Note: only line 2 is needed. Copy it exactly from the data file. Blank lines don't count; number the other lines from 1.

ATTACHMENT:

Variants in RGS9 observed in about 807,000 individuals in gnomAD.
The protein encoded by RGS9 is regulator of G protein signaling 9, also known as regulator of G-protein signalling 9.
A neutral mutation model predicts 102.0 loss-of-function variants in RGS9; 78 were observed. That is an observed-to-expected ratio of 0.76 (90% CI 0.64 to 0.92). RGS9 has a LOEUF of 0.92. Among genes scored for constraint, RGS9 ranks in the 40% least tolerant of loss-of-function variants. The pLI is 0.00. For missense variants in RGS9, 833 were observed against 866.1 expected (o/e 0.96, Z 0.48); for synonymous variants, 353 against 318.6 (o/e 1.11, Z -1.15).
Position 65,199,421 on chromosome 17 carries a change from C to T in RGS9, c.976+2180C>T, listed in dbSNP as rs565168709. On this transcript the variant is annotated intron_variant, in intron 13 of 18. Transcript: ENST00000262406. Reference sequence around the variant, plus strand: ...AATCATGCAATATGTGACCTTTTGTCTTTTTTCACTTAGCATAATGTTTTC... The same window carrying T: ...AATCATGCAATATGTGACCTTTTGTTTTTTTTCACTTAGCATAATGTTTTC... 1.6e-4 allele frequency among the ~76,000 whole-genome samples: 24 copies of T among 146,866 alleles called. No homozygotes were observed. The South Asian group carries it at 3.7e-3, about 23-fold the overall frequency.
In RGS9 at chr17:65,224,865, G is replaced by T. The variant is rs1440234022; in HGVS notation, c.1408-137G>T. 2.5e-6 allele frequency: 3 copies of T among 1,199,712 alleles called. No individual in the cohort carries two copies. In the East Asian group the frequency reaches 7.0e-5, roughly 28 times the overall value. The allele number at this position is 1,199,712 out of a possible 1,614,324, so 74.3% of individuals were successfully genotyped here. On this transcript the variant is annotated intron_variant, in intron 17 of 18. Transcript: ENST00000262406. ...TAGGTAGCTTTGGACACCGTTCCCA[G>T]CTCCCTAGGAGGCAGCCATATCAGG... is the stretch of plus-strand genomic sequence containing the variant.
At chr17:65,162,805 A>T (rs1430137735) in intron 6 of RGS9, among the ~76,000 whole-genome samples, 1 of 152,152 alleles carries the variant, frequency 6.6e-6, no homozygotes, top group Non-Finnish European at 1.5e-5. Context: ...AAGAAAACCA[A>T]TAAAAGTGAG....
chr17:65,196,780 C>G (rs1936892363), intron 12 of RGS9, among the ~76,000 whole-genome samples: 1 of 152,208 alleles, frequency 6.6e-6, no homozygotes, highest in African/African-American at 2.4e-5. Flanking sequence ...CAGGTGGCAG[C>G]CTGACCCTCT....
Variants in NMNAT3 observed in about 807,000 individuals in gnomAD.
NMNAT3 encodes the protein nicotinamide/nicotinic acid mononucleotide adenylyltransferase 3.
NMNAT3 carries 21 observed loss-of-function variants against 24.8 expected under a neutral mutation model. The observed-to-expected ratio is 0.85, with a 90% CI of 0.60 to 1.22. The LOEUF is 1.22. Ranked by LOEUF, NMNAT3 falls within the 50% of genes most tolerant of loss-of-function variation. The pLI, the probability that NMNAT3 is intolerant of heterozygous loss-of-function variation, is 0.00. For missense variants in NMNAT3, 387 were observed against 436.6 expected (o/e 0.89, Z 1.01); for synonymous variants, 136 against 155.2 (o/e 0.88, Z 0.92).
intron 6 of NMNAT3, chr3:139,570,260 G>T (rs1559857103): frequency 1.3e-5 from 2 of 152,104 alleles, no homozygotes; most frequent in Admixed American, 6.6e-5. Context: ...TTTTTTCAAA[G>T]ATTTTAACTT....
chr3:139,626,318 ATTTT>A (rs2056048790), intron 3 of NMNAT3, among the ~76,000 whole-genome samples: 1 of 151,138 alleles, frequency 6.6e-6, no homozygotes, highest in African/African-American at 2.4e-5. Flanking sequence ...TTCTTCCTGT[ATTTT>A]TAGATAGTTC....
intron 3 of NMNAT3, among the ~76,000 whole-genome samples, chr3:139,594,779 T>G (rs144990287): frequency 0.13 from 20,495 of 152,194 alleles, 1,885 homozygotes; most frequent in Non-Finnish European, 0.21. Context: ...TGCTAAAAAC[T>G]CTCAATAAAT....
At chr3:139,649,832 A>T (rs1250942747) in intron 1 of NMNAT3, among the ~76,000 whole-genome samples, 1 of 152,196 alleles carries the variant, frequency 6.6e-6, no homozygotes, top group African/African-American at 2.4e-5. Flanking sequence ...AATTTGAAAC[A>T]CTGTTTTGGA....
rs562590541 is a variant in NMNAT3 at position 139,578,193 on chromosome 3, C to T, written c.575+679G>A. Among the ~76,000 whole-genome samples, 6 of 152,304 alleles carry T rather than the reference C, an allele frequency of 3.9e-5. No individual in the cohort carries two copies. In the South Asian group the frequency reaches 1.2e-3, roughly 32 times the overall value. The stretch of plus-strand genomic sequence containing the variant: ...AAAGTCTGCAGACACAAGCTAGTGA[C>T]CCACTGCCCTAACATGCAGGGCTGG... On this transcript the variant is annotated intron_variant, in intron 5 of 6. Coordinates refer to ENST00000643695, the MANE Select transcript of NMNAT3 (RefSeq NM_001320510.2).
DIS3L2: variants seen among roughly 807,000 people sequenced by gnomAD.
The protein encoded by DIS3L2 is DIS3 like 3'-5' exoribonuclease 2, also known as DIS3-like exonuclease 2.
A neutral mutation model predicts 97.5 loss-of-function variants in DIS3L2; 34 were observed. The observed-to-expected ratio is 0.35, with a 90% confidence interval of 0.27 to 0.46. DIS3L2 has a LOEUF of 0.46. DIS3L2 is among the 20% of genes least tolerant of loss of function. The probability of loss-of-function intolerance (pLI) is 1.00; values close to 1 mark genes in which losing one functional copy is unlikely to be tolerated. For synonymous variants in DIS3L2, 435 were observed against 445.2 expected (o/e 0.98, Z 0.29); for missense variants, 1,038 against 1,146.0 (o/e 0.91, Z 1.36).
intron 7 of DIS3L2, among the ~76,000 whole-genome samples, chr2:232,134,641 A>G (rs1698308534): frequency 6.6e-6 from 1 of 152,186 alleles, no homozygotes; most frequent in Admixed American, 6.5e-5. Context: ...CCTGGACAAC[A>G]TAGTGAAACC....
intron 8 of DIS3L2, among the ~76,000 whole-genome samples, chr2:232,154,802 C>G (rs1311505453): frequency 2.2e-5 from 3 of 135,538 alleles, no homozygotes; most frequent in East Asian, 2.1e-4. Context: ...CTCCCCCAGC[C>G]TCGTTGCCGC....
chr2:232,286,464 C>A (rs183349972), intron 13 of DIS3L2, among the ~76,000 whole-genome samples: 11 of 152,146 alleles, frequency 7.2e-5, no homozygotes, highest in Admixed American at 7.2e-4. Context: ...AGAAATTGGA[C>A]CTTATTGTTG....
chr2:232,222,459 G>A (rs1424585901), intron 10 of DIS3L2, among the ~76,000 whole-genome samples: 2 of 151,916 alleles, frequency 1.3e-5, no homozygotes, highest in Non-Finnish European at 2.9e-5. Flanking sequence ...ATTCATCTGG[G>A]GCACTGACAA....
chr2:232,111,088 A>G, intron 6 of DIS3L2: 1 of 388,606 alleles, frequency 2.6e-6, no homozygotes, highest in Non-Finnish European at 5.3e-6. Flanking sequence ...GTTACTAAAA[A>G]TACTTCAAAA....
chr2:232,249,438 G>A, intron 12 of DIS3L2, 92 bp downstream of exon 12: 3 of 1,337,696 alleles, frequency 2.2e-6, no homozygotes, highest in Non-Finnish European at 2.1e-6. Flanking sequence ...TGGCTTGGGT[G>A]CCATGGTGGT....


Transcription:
The protein encoded by RGS9 is regulator of G protein signaling 9, also known as regulator of G-protein signalling 9.